Muslims. Instead, the Holocaust remains a historical blindspot in Arab
and Muslim discourse, and as a result it has become a potent political
weapon to be exploited at will by those who view Palestinians and
Muslims as enemies.

Holocaust heroes

In their perversion of memory, Holocaust deniers and exploiters share
another moral ugliness. Both insult the memory of the countless Muslims
who risked or gave their lives to rescue Jews threatened with
extermination by the Nazis. The stories of the Muslim rescuers of Jews
are largely unknown and unpublicized. Only in the past fifteen years
have Holocaust researchers brought a few to the public’s attention.

Several Muslims (whose stories of heroism and courage we know) have
since been honored by Yad Vashem and other Holocaust memorial groups as
Righteous Gentiles. They include: the Bosnian Dervis Korkut, who
harbored a young Jewish woman resistance fighter named Mira Papo and
saved the Sarajevo Haggadah, one of the most valuable Hebrew
manuscripts in the world; the Turk Selahattin Ulkumen, whose rescue of fifty Jews from the ovens
of Auschwitz led to the death of his wife Mihrinissa soon after she
gave birth to their son Mehmet when the Nazis retaliated for his heroism;
the Albanian Refik Vesili who — as a 16-year-old — saved eight Jews by hiding
them in his family’s mountain home.

Most Holocaust historians would agree that Muslim Europe — Albania,
Bosnia, and Turkey — responded courageously and righteously, especially
in comparison to Christian Europe. While there were Muslims who
collaborated with the Nazis, they were the exception and certainly not
the rule. In addition, in North Africa the Sultan of Morocco, the Bey
of Tunis, and the Ulema of Algeria all lent support to their
beleaguered Jewish countrymen.

Continental Europe’s only independent Muslim country — Albania — was
also the only European country to have a larger Jewish population at
the end of the war than at the beginning, according to Miles Lerman, a
former director of the US National Holocaust Museum. Harvey Sarner, a
Jewish American in awe of the Albanian Muslim response, penned the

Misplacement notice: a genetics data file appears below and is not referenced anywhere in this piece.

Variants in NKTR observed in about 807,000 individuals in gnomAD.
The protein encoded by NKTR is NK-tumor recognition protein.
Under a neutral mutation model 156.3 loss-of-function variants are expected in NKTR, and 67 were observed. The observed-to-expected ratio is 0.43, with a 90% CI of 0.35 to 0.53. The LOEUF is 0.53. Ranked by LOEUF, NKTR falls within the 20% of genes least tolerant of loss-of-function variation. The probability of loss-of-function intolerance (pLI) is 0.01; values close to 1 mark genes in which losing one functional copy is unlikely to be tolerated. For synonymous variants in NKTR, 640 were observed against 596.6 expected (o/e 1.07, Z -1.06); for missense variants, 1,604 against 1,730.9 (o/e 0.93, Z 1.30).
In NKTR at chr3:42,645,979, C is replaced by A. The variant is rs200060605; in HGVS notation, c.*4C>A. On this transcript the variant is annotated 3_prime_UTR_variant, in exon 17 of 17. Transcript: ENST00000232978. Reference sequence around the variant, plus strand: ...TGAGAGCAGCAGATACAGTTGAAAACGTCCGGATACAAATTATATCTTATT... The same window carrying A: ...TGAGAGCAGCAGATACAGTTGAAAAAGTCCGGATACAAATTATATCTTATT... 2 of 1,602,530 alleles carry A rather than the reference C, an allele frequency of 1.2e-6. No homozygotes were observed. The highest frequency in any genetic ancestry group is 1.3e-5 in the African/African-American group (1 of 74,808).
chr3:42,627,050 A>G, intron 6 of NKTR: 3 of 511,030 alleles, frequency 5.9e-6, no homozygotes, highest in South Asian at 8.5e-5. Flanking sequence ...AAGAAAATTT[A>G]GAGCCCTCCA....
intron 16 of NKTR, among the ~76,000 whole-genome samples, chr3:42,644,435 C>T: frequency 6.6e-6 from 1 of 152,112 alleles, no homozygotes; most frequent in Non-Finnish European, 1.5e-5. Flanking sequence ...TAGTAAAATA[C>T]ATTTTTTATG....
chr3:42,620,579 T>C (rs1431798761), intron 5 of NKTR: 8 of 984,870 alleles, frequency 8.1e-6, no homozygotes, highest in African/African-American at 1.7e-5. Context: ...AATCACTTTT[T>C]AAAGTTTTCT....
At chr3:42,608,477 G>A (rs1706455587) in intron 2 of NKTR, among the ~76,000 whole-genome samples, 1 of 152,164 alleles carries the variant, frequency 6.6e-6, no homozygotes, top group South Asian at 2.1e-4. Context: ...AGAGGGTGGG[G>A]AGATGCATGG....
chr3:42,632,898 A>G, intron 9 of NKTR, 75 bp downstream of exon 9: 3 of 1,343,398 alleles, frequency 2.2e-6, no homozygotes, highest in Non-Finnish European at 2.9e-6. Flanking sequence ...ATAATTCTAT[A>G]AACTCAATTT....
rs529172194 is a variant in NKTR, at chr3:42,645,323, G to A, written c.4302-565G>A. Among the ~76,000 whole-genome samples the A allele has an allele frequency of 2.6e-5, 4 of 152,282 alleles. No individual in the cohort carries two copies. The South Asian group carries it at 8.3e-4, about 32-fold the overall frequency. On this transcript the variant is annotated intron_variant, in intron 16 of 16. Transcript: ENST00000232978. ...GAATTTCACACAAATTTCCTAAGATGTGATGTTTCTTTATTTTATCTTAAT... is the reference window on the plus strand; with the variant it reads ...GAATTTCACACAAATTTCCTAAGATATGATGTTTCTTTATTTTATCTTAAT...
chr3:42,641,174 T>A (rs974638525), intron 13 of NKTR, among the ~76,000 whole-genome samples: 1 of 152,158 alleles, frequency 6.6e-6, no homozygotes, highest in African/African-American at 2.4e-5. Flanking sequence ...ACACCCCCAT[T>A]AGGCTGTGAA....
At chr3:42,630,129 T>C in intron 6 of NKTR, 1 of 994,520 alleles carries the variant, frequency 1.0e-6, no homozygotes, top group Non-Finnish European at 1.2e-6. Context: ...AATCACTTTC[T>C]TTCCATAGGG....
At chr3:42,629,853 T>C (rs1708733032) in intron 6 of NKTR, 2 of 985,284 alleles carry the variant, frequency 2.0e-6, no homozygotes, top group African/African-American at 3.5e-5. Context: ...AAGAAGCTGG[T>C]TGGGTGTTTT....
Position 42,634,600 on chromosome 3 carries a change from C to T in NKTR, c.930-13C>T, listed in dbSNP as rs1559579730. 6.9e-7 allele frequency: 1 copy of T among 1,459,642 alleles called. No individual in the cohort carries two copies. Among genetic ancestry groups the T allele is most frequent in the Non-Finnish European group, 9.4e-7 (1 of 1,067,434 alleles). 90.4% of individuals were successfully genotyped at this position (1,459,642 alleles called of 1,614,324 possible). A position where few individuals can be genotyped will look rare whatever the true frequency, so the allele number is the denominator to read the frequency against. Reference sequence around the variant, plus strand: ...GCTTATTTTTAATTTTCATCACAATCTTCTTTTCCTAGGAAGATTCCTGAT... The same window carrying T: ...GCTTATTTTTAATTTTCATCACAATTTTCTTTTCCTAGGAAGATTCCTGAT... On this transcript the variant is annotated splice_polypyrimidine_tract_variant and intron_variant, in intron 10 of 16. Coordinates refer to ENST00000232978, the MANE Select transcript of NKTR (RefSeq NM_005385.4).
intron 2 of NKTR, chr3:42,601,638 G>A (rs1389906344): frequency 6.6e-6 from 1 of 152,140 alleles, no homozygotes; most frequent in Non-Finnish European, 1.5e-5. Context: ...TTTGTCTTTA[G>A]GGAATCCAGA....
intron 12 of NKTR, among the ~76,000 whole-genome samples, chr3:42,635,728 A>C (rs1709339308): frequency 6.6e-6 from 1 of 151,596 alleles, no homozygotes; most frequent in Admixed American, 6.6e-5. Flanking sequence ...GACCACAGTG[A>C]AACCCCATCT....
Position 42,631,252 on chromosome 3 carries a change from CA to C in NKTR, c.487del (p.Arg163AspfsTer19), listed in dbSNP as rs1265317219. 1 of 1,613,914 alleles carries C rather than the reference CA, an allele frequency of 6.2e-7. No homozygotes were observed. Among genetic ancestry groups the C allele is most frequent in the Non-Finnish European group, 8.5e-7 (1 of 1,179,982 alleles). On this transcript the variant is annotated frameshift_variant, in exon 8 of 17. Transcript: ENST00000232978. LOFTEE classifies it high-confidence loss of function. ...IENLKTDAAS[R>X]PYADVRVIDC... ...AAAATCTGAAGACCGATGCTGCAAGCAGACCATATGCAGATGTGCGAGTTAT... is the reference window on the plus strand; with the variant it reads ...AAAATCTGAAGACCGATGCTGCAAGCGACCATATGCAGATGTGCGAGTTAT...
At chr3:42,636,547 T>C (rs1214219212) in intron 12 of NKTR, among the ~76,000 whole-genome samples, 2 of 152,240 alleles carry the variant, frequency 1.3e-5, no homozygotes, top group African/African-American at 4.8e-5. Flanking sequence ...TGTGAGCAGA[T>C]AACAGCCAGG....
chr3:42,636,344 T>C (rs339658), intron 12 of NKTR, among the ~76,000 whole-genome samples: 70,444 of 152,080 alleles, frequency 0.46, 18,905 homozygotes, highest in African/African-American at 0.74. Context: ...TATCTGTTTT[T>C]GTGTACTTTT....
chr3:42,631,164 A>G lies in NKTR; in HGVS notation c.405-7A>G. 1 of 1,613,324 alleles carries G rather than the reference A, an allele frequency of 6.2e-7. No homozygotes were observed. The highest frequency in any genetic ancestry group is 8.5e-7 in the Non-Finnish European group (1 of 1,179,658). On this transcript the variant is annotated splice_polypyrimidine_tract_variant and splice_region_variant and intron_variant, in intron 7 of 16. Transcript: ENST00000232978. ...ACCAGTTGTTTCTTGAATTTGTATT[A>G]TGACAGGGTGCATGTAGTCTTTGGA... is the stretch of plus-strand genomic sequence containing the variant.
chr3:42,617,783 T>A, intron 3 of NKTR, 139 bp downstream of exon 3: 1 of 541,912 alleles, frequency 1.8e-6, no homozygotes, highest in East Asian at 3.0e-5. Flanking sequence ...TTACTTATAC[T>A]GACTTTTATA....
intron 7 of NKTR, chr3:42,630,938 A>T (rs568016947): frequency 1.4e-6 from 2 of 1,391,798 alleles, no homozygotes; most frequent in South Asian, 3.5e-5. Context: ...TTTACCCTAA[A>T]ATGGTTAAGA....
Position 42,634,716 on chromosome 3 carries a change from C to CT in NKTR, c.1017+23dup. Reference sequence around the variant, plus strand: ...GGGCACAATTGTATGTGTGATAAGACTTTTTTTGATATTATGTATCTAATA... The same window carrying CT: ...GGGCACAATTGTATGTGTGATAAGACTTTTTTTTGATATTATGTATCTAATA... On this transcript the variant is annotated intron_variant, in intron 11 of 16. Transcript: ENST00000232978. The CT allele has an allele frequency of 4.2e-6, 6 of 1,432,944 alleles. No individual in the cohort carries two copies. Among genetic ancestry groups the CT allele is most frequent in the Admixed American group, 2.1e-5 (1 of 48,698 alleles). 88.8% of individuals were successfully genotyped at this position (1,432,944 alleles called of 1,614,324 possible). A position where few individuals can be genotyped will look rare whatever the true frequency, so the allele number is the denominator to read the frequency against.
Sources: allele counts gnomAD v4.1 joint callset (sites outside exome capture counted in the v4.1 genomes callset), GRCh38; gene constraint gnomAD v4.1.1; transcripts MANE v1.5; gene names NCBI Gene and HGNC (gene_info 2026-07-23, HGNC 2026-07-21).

telling book “Rescue in Albania: One Hundred Percent of Jews in Albania
Rescued from the Holocaust”.

There were many Bosnian Muslims, especially in Sarajevo, who saved the
lives of their Jewish compatriots. Indeed, the Jewish community in
Sarajevo owed its very existence historically to the centuries-old
Ottoman Muslim policy of providing sanctuary to Jews fleeing European
Christian persecution.

Republican Turkey thankfully followed that same Ottoman tradition of
rescue and sanctuary. Due to its neutrality during most of World War
II, and its unique geographical proximity to both Europe and the Middle
East, Turkey and Turkish diplomats living abroad played an important
role for European Jews in danger during World War II and the Holocaust,
according to the Anti-Defamation League. Muslim-majority Turkey rescued
over 15,000 Turkish Jews and over 100,000 European Jews.

Like their Christian counterparts, the Muslim men and women who rescued
Jews during the Holocaust are among history’s true heroes, whose
stories we should be telling our children and grandchildren. They
represent the best of the Abrahamic and Islamic tradition and spirit.
May God grant us true moral courage like the rescuers in the face of
hardship and adversity. May God - the Most Compassionate, the Most
Merciful - free us of denying or exploiting the suffering of others.

Mas’ood Cajee’s essay “My mom raised me as a Zionist” appeared in
Michael Wolfe’s award-winning anthology “Taking Back Islam” (Rodale
Press, 2003). He can be reached at .(JavaScript must be enabled to view this email address)